The second I hit the run I KNEW it was going to be a VERY VERY long painful half marathon.  My heart rate was already north of 160.  When I hit the start of the Vitruvian run, a week earlier, my heart rate was sitting at 145-150.  It did not go north of 160 until the last few miles when I really started to push.

The fact my heart rate was already sitting at 160, meant I was going to have very little / no reserve to call on as the run progressed.

The first few miles actually were OK, but I knew my heart rate was slowly creeping up to 170.

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After about 20mins of running my heart rate hit 170.  That right there was my ceiling.  If I went my above 170, I would only be able to do so for a matter of minutes before the lights well and truly went out.

The best way I can describe the rest of the afternoon is like walking a tight rope.  My heart rate continued to slowly creep above 170 and every time it did I was forced to back the pace down another notch.

When the inevitable happened and I got passed by the odd age grouper, all I wanted to do was push and go with them.  But every time I did, my heart rate got dangerously close to 180 and I felt like I was about to pass out.  I would then have to slow to almost a walk, wait for my heart rate dropped to below 170 and start running properly once again.

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And so the run progressed pretty much in that manor all the way to the finish.  I have got to be honest, I did not think it was possible to run SO slowly with my heart on its limit, but I think the fatigue from racing the previous weekend combined with the crazy bike effort probably played a big part in that.  If someone would have told me before the race, that I would run for 60+ minutes with my heart rate sitting at or around 170 I would have told them that that was simply not possible.  I have always said, every now and then your body surprises you, and today it certainly did.

Crossing that finish line, I may not have had a fast run time, but I was very proud of the amount of effort I put into holding it together out there.

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I had no idea of of my position in the race at that point. I was just in a daze and chatting happily to the people around me who I had been racing.  Maybe 10minutes or so passed and I finally saw a friend who had also been racing.  He was a little more clued in with the results and filled in the spaces for me – 1st in the 35-40 age group, 5th age grouper overall and 16th overall included the pros.

The icing on the cake was my mate had finished 2nd in the 35-40 age group.  I was chuffed to bits for him, and maybe a little relieved he had not smoked past me on the run 😉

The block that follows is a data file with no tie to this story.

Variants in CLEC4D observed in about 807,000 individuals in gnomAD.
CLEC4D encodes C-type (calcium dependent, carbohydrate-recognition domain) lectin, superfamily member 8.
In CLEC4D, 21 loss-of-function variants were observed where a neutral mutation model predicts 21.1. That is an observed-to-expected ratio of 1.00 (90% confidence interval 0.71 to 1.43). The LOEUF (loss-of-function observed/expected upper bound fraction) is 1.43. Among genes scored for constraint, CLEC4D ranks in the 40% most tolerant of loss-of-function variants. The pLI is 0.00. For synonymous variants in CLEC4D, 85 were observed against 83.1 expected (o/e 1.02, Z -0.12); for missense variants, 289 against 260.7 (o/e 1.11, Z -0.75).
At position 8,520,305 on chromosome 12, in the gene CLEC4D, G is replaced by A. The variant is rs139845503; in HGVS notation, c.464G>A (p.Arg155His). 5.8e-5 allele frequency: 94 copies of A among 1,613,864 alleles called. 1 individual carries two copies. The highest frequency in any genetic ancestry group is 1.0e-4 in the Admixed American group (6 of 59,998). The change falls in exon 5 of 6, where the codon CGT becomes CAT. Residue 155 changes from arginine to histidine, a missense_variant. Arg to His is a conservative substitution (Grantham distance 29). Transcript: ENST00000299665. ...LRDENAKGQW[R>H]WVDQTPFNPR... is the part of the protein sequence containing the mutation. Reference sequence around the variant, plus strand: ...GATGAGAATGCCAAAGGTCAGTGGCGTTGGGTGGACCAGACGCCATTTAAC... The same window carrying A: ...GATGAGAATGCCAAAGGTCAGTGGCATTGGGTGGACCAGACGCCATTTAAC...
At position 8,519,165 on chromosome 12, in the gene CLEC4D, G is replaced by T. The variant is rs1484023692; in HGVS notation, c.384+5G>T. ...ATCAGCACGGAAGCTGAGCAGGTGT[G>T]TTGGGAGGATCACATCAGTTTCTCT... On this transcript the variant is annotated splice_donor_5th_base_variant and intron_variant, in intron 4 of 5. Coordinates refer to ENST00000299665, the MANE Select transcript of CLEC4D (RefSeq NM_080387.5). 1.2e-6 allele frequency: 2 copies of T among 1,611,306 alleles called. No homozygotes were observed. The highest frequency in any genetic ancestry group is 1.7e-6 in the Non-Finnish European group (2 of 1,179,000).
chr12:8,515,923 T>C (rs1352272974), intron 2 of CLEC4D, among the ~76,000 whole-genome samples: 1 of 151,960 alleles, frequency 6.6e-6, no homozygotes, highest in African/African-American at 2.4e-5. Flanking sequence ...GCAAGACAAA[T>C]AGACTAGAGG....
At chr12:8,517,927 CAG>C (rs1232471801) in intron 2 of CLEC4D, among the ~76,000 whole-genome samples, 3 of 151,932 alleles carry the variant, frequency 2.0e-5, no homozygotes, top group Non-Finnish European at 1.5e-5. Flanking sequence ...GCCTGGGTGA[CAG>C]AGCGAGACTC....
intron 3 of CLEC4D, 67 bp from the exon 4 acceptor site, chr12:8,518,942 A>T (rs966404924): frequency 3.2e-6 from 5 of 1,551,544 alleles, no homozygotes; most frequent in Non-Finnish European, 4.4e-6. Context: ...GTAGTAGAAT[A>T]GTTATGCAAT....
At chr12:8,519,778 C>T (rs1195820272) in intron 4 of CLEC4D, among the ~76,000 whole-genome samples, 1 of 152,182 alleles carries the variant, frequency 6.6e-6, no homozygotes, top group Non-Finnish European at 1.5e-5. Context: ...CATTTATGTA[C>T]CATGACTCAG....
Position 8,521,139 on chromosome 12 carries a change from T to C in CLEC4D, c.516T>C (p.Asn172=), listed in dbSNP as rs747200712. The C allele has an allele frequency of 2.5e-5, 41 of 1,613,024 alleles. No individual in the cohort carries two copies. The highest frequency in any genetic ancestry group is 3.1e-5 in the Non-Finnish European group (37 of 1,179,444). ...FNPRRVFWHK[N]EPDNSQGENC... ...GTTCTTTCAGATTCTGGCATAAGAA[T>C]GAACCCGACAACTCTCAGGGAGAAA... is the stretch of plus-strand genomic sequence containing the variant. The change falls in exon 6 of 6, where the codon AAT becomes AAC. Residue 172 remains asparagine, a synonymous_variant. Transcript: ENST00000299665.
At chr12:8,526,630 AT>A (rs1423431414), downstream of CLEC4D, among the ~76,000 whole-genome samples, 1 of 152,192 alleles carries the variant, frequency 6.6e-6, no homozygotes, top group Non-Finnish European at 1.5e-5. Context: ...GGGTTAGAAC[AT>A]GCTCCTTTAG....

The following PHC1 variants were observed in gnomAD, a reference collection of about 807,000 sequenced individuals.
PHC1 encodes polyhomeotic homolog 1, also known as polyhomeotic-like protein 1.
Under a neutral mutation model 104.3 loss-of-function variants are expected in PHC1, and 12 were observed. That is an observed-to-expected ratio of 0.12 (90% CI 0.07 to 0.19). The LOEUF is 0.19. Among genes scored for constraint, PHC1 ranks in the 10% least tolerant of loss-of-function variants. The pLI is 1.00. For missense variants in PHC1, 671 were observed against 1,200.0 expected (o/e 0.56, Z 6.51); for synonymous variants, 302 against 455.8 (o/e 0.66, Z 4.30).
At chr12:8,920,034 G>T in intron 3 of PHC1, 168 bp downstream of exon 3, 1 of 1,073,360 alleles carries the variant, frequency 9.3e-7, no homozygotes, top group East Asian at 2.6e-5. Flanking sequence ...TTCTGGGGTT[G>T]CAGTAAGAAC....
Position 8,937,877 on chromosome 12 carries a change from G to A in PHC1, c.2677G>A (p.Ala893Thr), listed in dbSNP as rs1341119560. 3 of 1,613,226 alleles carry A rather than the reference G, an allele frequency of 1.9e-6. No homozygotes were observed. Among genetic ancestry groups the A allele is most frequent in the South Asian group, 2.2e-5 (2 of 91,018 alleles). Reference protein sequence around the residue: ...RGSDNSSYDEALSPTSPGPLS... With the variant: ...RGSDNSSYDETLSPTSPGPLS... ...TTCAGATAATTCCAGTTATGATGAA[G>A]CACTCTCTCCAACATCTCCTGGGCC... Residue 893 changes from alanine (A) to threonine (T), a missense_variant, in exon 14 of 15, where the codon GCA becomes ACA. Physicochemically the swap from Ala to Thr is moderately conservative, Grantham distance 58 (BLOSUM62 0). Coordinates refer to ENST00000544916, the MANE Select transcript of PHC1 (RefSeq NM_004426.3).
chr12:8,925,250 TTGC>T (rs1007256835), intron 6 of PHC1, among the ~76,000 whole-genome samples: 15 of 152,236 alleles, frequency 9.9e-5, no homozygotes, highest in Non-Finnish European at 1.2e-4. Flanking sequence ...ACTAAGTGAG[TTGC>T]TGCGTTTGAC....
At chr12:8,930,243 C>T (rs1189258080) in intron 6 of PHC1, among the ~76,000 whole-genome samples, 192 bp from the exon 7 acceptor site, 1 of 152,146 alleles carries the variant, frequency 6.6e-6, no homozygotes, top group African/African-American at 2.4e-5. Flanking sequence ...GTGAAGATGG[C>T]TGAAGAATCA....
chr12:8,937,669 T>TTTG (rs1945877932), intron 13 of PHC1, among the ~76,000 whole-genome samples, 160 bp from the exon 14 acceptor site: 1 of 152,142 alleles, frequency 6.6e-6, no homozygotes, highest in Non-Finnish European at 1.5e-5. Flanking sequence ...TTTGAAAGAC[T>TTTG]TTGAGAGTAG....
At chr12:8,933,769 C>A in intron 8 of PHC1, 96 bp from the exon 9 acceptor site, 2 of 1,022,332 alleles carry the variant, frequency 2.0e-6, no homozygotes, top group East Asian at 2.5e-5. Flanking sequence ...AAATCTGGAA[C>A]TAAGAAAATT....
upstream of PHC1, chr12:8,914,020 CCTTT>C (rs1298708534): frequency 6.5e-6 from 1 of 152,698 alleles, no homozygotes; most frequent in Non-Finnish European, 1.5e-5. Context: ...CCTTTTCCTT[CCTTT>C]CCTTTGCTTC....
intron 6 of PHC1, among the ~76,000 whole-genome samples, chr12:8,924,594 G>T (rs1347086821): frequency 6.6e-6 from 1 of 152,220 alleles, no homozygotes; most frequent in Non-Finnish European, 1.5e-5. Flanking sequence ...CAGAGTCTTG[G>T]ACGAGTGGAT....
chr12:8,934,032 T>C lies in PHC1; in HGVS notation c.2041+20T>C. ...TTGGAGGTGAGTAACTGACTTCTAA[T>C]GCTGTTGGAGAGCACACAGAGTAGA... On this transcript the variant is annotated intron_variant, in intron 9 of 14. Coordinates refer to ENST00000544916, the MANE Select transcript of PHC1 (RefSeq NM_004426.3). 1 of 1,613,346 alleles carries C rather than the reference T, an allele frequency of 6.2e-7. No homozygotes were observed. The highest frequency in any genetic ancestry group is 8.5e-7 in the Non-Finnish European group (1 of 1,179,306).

From a racing perspective this has been a pretty decent year all things considered.  Between falling off my bike in May and my back completely going at the end of June I can’t believe I managed to make it to the start line, let alone have a few half decent results along the way.  I think as I get older, I appreciate each result a little more than I used to, as you never know whether this might be your last top 5 / top 10 / Age Group win / podium place etc.. that you will get.

So a big thanks to everyone who has been part of helping me this season and over the years, in particular:

drag2zero – A great team and aerodynamic experts who ensure I ALWAYS hit the run as close to the front of the race as I could hope for.

Bosworth Clinic – Holding my back together so that I can even think about getting somewhere near the start line.

swim4tri – Ongoing advice and swim programs for the last 6 years.

Steve Bowerman – One of the best sports massage chaps I know in the business and helped me out of quite a few pickles where I have maybe pushed it all a little too hard!!!

Joe Beer – Ongoing coaching for the last 7 years and part of the building blocks behind EVERY result to date.

STAR of the show, my resident PT – Carli Goodfellow.  A friend asked me this morning what was the biggest contributing factor to the results I have had this year.  My answer to her was “all of the strength and conditioning Carli has had me doing.  It has been a real game changer…”

To all of you, from the bottom of my heart thank you.  You have no idea just how much I appreciate everything you have done for me.

Next up, Breca Consiton swim/run race.  That is going to be a cold one and I honestly can not wait.  Bring on the adventure 🙂

 

 

 

 

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Comments
  1. Kerry Jones says:

    Brilliant Chris x as always I love your writing xx well done you and well done Carli and the girls too xx